This wasn’t mentioned in the documentary, but I want to bring it up. Austin has gone through three divorces in his life with a woman he married after high school, his second wife was Jeannie Clarke aka Lady Blossom, who is the mother of his two children. Austin’s third wife was WWE Superstar/Diva Debra, who marred Austin in late 2000 and then two years later they divorced because of a domestic incident where Austin allegedly hit Debra. Austin pleaded no contest on November 25, 2002, and was given a year’s probation, a $1,000 fine, and ordered to carry out 80 hours of community service. There was no jail time, but it was still a terrible thing that happened. I think they should have at least mentioned it, have Austin say he regretted it and move on. Anyway, Austin has been married to his current wife Kristin for over a decade now. I’m surprised that wasn’t mentioned too.
They covered the spring 2002 story about Austin going home when he was told he was going to lose to Brock Lesnar on Raw. Ross was critical of the booking for being thrown together with no build. Austin flew back to San Antonio because he was mad. Austin said he would let anybody beat him, but he only wanted it to happen for a reason, it means something and there’s money behind it. Austin went home, he was done, it cost him respect and a lot of money. Vince said it led to him wondering what was wrong with Steve and how was he thinking this way? Austin credited Vince for calling him three times and left messages, but Austin didn’t call him back. Austin mentioned making “bad decisions” that might have been the Debra incident although they didn’t mention it. When Jim Ross reached out to Austin with a card and phone call, Austin got back to talking to Vince during a meeting. That led to Austin getting back on the same track and he came back. Austin said when he came back in early 2003, he apologized to a lot of the guys for his actions because he owed them that.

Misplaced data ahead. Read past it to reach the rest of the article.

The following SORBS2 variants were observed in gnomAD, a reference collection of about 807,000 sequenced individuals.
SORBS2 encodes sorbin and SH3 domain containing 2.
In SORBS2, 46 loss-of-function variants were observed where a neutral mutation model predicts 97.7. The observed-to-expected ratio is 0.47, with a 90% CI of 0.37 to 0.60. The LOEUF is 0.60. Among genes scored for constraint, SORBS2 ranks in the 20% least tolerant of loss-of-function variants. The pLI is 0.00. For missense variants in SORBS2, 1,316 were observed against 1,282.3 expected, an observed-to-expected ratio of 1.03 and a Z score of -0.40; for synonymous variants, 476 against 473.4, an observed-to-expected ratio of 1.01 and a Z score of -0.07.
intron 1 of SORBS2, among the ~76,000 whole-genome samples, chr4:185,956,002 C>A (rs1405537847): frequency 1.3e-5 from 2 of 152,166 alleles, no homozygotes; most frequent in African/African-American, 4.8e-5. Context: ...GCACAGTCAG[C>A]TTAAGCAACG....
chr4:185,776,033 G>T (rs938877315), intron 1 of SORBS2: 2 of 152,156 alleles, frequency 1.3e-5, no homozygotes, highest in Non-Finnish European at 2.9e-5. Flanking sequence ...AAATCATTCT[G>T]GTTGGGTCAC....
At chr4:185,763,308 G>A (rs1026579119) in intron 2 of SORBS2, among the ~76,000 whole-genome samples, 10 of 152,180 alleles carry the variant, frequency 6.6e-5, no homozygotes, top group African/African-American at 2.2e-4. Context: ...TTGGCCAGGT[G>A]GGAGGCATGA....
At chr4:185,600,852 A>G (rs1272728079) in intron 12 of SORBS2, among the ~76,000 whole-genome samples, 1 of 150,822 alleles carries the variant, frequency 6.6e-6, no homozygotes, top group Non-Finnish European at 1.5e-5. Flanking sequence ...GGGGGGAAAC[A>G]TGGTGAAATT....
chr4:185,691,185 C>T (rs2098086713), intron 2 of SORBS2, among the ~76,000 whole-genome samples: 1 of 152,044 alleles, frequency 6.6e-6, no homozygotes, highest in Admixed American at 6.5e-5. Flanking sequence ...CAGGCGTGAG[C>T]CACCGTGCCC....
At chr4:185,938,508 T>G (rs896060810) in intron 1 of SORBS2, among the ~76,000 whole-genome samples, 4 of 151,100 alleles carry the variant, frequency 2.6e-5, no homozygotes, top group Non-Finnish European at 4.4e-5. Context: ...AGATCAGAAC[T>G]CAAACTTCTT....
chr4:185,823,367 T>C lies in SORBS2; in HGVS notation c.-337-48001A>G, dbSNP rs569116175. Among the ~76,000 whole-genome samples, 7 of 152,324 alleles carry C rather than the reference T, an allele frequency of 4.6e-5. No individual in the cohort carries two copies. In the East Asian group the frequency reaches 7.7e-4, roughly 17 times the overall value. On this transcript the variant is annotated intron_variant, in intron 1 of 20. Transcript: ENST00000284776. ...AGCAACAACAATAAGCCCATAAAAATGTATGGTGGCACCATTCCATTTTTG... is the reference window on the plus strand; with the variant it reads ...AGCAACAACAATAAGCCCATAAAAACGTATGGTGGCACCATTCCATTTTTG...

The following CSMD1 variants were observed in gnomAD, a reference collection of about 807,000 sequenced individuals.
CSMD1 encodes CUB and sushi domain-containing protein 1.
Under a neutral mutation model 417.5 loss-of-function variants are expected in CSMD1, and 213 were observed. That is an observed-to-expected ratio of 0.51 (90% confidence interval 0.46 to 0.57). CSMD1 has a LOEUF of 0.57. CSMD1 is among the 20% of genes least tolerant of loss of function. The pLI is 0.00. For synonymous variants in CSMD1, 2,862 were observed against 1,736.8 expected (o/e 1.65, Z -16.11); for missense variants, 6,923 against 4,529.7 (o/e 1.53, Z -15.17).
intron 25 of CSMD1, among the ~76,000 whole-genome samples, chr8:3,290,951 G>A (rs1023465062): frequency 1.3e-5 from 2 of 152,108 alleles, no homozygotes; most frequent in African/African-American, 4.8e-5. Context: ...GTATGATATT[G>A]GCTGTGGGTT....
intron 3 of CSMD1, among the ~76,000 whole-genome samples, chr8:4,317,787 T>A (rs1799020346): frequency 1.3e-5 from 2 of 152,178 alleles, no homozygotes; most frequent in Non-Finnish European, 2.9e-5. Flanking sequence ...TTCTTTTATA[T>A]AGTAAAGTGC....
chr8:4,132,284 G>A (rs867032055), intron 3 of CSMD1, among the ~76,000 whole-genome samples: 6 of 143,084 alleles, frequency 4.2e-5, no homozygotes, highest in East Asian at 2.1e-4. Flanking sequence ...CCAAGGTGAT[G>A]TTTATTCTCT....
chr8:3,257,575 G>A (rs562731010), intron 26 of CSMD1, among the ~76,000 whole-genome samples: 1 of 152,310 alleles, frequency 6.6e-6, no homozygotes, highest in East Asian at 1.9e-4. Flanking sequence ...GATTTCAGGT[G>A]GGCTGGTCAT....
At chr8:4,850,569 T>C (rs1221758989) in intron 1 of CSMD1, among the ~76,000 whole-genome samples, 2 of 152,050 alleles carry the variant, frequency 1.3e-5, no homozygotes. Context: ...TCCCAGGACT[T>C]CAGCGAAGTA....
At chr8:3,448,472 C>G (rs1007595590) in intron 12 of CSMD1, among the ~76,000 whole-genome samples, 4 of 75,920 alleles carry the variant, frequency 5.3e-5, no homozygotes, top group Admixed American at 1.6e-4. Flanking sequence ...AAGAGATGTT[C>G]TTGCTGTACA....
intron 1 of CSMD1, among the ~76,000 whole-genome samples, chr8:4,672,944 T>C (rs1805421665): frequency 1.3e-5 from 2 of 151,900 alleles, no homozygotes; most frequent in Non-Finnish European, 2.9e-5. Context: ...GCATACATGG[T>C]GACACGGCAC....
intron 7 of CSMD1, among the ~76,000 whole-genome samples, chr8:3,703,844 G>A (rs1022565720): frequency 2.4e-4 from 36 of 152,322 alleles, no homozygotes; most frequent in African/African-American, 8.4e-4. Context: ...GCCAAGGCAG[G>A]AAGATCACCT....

The subject of WrestleMania 19 in 2003 was covered very well since it was Austin’s last match. The only people who knew it was Austin’s last match were Vince McMahon, Jim Ross and The Rock. JR noted that Steve didn’t want the fans to know. That led to Rock saying it made him emotional because it was the ending of a career that was influential to him and the world of wrestling that we love. Austin talked about how he had a hospital stay the night before WrestleMania when he worried due to too much alcohol and too much caffeine. There was a lot of behind-the-scenes footage from this WrestleMania because they filmed a documentary at a time. Austin joked that if he died in the ring, what better place to go than at WrestleMania with The Rock.
They focused on WrestleMania 19 some more with Rock getting the win after a third Rock Bottom. Austin said when that three count hit, it was like somebody lifted 1,000 pounds of bricks off his back because the stress was gone. Rock pushed the referee away and said: “I can’t thank you enough for everything that you have done. I love you.” Austin laughed about how he said “I love you too” back saying they were two tough guys telling eachother they loved eachother in front of millions of people. Rock said he had goosebumps thinking about that moment.